Reviewed by Dee
TITLE: Everything Between Us
SERIES: Pink Bean #3
AUTHOR: Harper Bliss
PUBLISHER: Ladylit Publishing
LENGTH: 240 Pages
RELEASE DATE: March 17, 2017
The only size that matters is your heart’s.
When phD student and Pink Bean barista Josephine Greenwood meets her feminist idol Caitlin James she’s starstruck. But when Caitlin starts showing a more than friendly interest in her, Josephine can’t believe Caitlin’s advances are genuine.
Her issues with her own body and how people see her threaten to cut off any prospect of romance before it has the chance to blossom. Will Caitlin be able to break down the walls Josephine has built around herself and open her mind to the possibility of romantic happiness?
As always when picking up a book by Harper Bliss I know it’s going to pull on my emotions, this one was no different, however it pulled on more of my angry emotions than feel good ones.
This story is told in first person, present tense, something I’m not a huge fan of but Harper manages to do well. However, being stuck in someone’s head who starts to grate on your last nerve isn’t a good thing.
Initially, I thought I’d found a kindred spirit in Josephine. Most women who have struggled with their weight, and societies views on being overweight, will be able to relate. My heart went out to Jo when she recalled her mother moving the pavlova out of her reach, and other little things that were done to help but did more harm.
So while I could relate, for the most part, I felt the issue was overdone. When Jo started saying things like, “Am I some sort of pity project for you? Or do you get a weird kick out of dating a fat girl?” and making many other self-deprecating comments, when Caitlin showed her nothing but desire and kindness, it wore damn thin. Jo’s beloved younger sister was born with Down’s Syndrome, and while I’m sure her love for her sister was supposed to endear Jo to the reader it made me dislike her more! One would think having a sister born with a disability would put life a little more into perspective.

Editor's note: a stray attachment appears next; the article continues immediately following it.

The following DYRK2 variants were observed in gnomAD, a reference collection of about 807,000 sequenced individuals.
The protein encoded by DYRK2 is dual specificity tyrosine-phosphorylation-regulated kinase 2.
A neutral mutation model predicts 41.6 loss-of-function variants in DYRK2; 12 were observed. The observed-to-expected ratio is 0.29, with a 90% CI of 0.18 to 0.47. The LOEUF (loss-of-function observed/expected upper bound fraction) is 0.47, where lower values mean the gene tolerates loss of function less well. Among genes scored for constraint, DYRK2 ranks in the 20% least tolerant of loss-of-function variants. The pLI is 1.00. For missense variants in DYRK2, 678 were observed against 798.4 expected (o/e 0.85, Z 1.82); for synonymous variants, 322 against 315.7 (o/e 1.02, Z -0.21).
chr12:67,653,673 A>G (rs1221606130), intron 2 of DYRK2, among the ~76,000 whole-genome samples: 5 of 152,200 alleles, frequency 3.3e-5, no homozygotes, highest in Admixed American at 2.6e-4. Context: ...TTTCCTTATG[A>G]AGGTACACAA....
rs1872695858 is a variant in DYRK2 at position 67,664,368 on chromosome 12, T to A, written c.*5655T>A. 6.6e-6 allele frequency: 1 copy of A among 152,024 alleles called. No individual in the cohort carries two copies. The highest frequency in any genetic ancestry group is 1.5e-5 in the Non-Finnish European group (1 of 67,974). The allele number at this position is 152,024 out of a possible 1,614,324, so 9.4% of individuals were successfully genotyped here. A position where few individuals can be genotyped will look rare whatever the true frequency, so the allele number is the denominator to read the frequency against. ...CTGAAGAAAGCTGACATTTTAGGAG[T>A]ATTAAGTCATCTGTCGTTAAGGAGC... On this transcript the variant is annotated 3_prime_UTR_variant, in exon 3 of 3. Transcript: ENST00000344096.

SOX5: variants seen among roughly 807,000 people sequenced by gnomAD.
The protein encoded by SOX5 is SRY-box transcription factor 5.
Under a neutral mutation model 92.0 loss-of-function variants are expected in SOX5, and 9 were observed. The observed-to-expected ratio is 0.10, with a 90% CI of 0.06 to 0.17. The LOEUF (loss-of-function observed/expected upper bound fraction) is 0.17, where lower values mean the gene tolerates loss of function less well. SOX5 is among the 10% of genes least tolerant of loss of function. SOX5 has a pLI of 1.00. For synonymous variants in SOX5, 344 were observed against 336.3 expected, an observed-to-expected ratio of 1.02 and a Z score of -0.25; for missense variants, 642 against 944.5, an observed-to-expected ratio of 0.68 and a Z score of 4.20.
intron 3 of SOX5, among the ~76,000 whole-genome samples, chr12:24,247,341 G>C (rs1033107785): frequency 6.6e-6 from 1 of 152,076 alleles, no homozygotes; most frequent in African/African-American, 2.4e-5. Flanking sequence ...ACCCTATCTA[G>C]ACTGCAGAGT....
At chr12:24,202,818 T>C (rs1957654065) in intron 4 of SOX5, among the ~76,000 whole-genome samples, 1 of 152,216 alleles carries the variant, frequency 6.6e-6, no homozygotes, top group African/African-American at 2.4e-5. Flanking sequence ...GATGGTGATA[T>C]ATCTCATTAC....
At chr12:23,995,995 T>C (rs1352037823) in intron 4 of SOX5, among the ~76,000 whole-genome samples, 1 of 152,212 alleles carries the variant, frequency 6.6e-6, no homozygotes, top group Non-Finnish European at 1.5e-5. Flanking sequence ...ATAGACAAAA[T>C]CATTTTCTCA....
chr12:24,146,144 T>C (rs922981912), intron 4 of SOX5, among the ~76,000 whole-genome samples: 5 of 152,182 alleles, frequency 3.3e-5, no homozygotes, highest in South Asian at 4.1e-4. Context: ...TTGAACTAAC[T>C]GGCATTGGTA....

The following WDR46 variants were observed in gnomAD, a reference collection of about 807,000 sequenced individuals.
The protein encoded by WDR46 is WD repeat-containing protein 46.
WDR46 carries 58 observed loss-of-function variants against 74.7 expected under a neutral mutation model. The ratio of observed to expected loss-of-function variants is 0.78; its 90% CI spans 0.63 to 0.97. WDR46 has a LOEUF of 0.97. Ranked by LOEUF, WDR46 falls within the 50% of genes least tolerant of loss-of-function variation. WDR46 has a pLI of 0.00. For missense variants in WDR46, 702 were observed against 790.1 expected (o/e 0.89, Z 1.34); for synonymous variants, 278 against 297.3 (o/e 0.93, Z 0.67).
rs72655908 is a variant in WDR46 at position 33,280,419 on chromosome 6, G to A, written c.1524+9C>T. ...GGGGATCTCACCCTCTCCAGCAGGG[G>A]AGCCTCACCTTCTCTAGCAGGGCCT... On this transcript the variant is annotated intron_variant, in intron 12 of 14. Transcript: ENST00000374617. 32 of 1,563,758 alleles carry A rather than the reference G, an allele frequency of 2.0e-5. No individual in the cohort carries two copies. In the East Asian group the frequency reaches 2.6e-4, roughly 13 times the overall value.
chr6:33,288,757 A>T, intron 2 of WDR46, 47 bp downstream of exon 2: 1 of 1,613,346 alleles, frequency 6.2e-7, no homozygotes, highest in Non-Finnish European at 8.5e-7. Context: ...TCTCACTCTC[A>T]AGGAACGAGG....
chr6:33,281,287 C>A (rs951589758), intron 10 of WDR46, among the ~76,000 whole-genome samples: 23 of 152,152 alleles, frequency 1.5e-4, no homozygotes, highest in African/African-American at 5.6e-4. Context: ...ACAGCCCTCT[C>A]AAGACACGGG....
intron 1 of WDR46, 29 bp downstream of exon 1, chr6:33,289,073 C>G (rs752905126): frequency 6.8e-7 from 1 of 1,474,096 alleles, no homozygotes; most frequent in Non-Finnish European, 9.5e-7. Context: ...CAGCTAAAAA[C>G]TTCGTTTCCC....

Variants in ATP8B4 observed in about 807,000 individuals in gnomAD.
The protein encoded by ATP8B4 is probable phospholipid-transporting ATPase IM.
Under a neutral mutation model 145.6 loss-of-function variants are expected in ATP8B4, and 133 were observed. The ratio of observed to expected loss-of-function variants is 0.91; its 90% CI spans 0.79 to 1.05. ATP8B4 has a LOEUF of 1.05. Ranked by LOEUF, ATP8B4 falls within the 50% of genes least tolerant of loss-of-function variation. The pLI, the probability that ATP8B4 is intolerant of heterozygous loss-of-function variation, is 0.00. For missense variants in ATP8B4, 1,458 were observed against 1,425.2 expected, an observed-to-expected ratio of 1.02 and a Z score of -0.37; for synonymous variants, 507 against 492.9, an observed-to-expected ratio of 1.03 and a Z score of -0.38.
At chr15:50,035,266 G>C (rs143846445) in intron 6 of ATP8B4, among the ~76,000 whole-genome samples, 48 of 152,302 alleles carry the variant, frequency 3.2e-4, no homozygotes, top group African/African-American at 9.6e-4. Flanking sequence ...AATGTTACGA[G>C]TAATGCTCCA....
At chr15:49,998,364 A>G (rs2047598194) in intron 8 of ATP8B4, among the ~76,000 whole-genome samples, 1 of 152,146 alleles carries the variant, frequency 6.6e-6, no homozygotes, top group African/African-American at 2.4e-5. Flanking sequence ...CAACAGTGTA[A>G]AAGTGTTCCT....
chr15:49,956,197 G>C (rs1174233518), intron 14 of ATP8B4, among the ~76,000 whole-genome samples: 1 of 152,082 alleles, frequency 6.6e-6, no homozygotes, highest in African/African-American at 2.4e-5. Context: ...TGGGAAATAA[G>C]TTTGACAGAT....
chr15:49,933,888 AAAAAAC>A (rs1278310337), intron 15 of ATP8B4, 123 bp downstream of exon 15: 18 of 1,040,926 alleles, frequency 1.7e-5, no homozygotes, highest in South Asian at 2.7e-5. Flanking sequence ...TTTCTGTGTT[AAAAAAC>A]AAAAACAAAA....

Moving on, there are a lot of subplots going on – convincing Jo she should sing, a lovely poem Caitlin recites that the reader isn’t privy to the lyrics, Jo’s flatmate and her boyfriend making the decision to move in together, two of the heroines from a previous Pink Bean story talking of moving in together, the issue of not being able to orgasm with a partner, and to cap it off Caitlin doesn’t believe in monogamy and Jo does.
In summary, this story felt like a filler to me. Sure there were some touching moments and it’s well written, but there were so many loose threads, and due to my dislike of Jo, I didn’t ‘love it’.
Will I read the next in the series? Of course. I loved books 1 & 2 and as the saying goes, you can’t please all the people (me) all the time.